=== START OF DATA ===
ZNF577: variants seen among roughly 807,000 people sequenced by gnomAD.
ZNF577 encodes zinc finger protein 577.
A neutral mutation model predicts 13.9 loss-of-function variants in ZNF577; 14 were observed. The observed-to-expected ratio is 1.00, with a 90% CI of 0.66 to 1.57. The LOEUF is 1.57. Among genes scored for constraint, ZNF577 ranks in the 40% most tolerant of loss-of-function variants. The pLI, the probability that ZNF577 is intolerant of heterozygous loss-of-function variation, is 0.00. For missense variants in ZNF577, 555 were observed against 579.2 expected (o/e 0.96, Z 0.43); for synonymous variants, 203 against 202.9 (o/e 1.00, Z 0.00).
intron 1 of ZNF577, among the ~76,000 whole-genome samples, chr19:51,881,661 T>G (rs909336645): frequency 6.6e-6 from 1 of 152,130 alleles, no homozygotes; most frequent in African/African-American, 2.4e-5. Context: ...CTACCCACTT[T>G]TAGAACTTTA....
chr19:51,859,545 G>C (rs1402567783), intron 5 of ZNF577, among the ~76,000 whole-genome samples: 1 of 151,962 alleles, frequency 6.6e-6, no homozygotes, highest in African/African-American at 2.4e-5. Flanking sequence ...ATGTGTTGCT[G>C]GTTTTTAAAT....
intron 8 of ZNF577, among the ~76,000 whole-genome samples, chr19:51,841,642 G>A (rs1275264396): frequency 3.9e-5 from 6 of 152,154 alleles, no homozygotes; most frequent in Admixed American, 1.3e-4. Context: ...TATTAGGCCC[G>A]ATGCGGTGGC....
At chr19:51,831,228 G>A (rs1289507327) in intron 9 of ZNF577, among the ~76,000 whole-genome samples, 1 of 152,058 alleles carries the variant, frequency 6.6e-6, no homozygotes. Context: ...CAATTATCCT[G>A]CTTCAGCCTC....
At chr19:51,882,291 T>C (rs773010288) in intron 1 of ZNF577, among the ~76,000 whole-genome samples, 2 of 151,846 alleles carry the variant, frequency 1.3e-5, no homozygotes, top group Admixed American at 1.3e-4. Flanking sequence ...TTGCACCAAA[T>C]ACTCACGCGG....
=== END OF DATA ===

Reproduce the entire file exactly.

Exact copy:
ZNF577: variants seen among roughly 807,000 people sequenced by gnomAD.
ZNF577 encodes zinc finger protein 577.
A neutral mutation model predicts 13.9 loss-of-function variants in ZNF577; 14 were observed. The observed-to-expected ratio is 1.00, with a 90% CI of 0.66 to 1.57. The LOEUF is 1.57. Among genes scored for constraint, ZNF577 ranks in the 40% most tolerant of loss-of-function variants. The pLI, the probability that ZNF577 is intolerant of heterozygous loss-of-function variation, is 0.00. For missense variants in ZNF577, 555 were observed against 579.2 expected (o/e 0.96, Z 0.43); for synonymous variants, 203 against 202.9 (o/e 1.00, Z 0.00).
intron 1 of ZNF577, among the ~76,000 whole-genome samples, chr19:51,881,661 T>G (rs909336645): frequency 6.6e-6 from 1 of 152,130 alleles, no homozygotes; most frequent in African/African-American, 2.4e-5. Context: ...CTACCCACTT[T>G]TAGAACTTTA....
chr19:51,859,545 G>C (rs1402567783), intron 5 of ZNF577, among the ~76,000 whole-genome samples: 1 of 151,962 alleles, frequency 6.6e-6, no homozygotes, highest in African/African-American at 2.4e-5. Flanking sequence ...ATGTGTTGCT[G>C]GTTTTTAAAT....
intron 8 of ZNF577, among the ~76,000 whole-genome samples, chr19:51,841,642 G>A (rs1275264396): frequency 3.9e-5 from 6 of 152,154 alleles, no homozygotes; most frequent in Admixed American, 1.3e-4. Context: ...TATTAGGCCC[G>A]ATGCGGTGGC....
At chr19:51,831,228 G>A (rs1289507327) in intron 9 of ZNF577, among the ~76,000 whole-genome samples, 1 of 152,058 alleles carries the variant, frequency 6.6e-6, no homozygotes. Context: ...CAATTATCCT[G>A]CTTCAGCCTC....
At chr19:51,882,291 T>C (rs773010288) in intron 1 of ZNF577, among the ~76,000 whole-genome samples, 2 of 151,846 alleles carry the variant, frequency 1.3e-5, no homozygotes, top group Admixed American at 1.3e-4. Flanking sequence ...TTGCACCAAA[T>C]ACTCACGCGG....